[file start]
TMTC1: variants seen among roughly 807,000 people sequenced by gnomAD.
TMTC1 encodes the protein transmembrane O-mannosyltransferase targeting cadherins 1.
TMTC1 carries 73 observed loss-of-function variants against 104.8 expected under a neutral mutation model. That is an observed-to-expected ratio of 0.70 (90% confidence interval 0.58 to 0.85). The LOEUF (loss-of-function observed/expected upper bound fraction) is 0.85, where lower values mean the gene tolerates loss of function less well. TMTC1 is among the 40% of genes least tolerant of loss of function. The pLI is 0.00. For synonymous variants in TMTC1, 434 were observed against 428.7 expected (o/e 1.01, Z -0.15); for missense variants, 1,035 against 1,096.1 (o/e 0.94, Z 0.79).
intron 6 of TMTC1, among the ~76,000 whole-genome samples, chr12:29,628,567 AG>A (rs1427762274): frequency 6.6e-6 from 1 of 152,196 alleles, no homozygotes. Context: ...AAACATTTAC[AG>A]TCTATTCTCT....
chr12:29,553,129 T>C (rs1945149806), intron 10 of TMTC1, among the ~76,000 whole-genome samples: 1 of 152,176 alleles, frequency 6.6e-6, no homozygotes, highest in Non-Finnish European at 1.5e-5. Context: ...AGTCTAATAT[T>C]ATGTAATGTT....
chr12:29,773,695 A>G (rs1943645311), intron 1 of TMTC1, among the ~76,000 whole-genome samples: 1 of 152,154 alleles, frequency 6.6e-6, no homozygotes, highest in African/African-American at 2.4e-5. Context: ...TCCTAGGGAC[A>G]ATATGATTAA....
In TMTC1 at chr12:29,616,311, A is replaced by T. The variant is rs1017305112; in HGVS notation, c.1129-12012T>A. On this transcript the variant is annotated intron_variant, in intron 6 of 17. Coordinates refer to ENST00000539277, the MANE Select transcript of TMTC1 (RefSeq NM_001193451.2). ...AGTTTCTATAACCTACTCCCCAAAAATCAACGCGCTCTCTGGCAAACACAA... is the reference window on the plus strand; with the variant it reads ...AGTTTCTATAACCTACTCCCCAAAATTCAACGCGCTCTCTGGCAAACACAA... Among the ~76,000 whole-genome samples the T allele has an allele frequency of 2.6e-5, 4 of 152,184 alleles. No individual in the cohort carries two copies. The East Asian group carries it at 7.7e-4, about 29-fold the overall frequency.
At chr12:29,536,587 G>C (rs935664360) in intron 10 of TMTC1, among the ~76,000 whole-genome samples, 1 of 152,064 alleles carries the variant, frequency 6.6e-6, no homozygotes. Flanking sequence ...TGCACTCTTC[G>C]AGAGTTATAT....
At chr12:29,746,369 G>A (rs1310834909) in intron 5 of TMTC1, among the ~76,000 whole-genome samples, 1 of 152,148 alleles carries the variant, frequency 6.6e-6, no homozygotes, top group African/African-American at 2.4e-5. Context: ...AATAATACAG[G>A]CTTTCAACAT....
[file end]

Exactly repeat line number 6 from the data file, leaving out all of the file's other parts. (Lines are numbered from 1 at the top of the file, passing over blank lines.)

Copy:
chr12:29,773,695 A>G (rs1943645311), intron 1 of TMTC1, among the ~76,000 whole-genome samples: 1 of 152,154 alleles, frequency 6.6e-6, no homozygotes, highest in African/African-American at 2.4e-5. Context: ...TCCTAGGGAC[A>G]ATATGATTAA....